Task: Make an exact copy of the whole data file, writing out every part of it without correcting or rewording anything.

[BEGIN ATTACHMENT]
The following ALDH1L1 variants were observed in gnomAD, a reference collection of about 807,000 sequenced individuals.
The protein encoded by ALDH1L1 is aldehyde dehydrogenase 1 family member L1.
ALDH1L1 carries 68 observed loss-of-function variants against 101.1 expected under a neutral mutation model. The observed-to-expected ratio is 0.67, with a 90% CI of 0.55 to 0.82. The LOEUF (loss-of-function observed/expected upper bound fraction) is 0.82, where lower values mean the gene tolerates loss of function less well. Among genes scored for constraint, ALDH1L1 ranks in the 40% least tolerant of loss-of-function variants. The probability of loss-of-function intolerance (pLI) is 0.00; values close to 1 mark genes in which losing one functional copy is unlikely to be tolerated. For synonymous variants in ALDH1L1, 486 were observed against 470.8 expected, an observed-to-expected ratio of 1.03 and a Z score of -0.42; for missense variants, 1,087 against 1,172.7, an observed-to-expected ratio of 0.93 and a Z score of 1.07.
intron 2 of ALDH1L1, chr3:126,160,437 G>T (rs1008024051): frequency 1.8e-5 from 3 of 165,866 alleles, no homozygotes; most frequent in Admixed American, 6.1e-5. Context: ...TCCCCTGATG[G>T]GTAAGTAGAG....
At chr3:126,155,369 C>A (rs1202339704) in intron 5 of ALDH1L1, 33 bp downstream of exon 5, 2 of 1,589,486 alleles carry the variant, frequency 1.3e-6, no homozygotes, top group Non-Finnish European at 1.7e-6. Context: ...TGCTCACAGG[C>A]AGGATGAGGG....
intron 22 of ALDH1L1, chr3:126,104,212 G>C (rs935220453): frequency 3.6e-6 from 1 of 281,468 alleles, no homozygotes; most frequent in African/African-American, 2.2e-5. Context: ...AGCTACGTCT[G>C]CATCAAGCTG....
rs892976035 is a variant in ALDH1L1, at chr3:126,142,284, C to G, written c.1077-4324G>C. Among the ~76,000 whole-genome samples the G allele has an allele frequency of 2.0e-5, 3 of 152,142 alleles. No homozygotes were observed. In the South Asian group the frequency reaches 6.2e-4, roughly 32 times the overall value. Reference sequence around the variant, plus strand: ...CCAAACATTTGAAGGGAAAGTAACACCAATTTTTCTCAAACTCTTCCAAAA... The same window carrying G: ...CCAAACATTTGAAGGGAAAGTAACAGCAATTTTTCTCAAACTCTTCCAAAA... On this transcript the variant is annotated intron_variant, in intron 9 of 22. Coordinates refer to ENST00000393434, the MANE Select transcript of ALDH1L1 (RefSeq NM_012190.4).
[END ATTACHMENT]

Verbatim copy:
The following ALDH1L1 variants were observed in gnomAD, a reference collection of about 807,000 sequenced individuals.
The protein encoded by ALDH1L1 is aldehyde dehydrogenase 1 family member L1.
ALDH1L1 carries 68 observed loss-of-function variants against 101.1 expected under a neutral mutation model. The observed-to-expected ratio is 0.67, with a 90% CI of 0.55 to 0.82. The LOEUF (loss-of-function observed/expected upper bound fraction) is 0.82, where lower values mean the gene tolerates loss of function less well. Among genes scored for constraint, ALDH1L1 ranks in the 40% least tolerant of loss-of-function variants. The probability of loss-of-function intolerance (pLI) is 0.00; values close to 1 mark genes in which losing one functional copy is unlikely to be tolerated. For synonymous variants in ALDH1L1, 486 were observed against 470.8 expected, an observed-to-expected ratio of 1.03 and a Z score of -0.42; for missense variants, 1,087 against 1,172.7, an observed-to-expected ratio of 0.93 and a Z score of 1.07.
intron 2 of ALDH1L1, chr3:126,160,437 G>T (rs1008024051): frequency 1.8e-5 from 3 of 165,866 alleles, no homozygotes; most frequent in Admixed American, 6.1e-5. Context: ...TCCCCTGATG[G>T]GTAAGTAGAG....
At chr3:126,155,369 C>A (rs1202339704) in intron 5 of ALDH1L1, 33 bp downstream of exon 5, 2 of 1,589,486 alleles carry the variant, frequency 1.3e-6, no homozygotes, top group Non-Finnish European at 1.7e-6. Context: ...TGCTCACAGG[C>A]AGGATGAGGG....
intron 22 of ALDH1L1, chr3:126,104,212 G>C (rs935220453): frequency 3.6e-6 from 1 of 281,468 alleles, no homozygotes; most frequent in African/African-American, 2.2e-5. Context: ...AGCTACGTCT[G>C]CATCAAGCTG....
rs892976035 is a variant in ALDH1L1, at chr3:126,142,284, C to G, written c.1077-4324G>C. Among the ~76,000 whole-genome samples the G allele has an allele frequency of 2.0e-5, 3 of 152,142 alleles. No homozygotes were observed. In the South Asian group the frequency reaches 6.2e-4, roughly 32 times the overall value. Reference sequence around the variant, plus strand: ...CCAAACATTTGAAGGGAAAGTAACACCAATTTTTCTCAAACTCTTCCAAAA... The same window carrying G: ...CCAAACATTTGAAGGGAAAGTAACAGCAATTTTTCTCAAACTCTTCCAAAA... On this transcript the variant is annotated intron_variant, in intron 9 of 22. Coordinates refer to ENST00000393434, the MANE Select transcript of ALDH1L1 (RefSeq NM_012190.4).